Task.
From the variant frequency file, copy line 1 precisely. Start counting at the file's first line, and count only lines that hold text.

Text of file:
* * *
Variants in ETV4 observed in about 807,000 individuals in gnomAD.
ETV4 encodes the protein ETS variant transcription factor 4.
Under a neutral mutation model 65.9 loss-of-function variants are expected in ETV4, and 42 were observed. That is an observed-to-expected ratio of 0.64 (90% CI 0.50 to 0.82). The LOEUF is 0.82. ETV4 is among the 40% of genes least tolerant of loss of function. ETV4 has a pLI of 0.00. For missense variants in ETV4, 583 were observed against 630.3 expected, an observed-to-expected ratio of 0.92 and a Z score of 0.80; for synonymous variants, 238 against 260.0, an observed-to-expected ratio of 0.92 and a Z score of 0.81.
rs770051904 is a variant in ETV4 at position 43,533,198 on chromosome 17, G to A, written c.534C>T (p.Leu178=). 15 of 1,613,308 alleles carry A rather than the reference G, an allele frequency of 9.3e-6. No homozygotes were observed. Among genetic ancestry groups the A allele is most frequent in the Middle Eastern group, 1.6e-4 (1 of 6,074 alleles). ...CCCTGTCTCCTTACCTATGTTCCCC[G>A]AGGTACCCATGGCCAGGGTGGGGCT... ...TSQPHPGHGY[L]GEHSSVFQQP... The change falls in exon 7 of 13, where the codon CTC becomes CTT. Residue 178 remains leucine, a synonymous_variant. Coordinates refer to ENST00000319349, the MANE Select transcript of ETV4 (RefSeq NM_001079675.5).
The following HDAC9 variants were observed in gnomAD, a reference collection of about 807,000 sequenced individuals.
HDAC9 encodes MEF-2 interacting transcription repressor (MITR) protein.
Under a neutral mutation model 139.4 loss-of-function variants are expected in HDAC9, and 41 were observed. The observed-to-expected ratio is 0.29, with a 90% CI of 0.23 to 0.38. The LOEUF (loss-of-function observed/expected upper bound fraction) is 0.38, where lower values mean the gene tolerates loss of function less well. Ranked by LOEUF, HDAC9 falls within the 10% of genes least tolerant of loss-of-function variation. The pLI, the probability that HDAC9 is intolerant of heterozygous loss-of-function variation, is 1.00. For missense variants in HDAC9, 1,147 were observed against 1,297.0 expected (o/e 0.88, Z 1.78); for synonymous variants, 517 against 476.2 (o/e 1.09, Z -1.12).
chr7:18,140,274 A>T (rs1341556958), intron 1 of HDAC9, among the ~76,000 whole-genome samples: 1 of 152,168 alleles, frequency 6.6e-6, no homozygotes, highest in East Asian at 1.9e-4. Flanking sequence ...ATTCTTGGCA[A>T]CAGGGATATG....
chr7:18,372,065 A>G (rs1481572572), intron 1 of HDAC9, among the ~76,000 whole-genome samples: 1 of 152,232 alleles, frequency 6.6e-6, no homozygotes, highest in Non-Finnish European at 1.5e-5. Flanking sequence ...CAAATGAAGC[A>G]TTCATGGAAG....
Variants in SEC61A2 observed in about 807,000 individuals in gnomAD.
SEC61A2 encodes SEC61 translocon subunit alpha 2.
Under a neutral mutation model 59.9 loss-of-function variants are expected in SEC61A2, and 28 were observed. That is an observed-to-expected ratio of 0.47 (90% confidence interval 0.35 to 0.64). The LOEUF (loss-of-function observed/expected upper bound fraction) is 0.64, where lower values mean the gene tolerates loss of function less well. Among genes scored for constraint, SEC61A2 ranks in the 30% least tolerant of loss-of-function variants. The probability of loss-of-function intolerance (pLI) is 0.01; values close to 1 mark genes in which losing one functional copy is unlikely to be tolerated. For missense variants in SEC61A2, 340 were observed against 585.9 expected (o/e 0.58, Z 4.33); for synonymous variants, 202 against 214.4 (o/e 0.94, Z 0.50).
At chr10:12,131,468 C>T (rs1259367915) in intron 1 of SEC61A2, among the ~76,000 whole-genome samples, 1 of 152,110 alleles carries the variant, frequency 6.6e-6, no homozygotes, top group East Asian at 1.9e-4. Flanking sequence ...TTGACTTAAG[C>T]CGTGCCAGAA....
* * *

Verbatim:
Variants in ETV4 observed in about 807,000 individuals in gnomAD.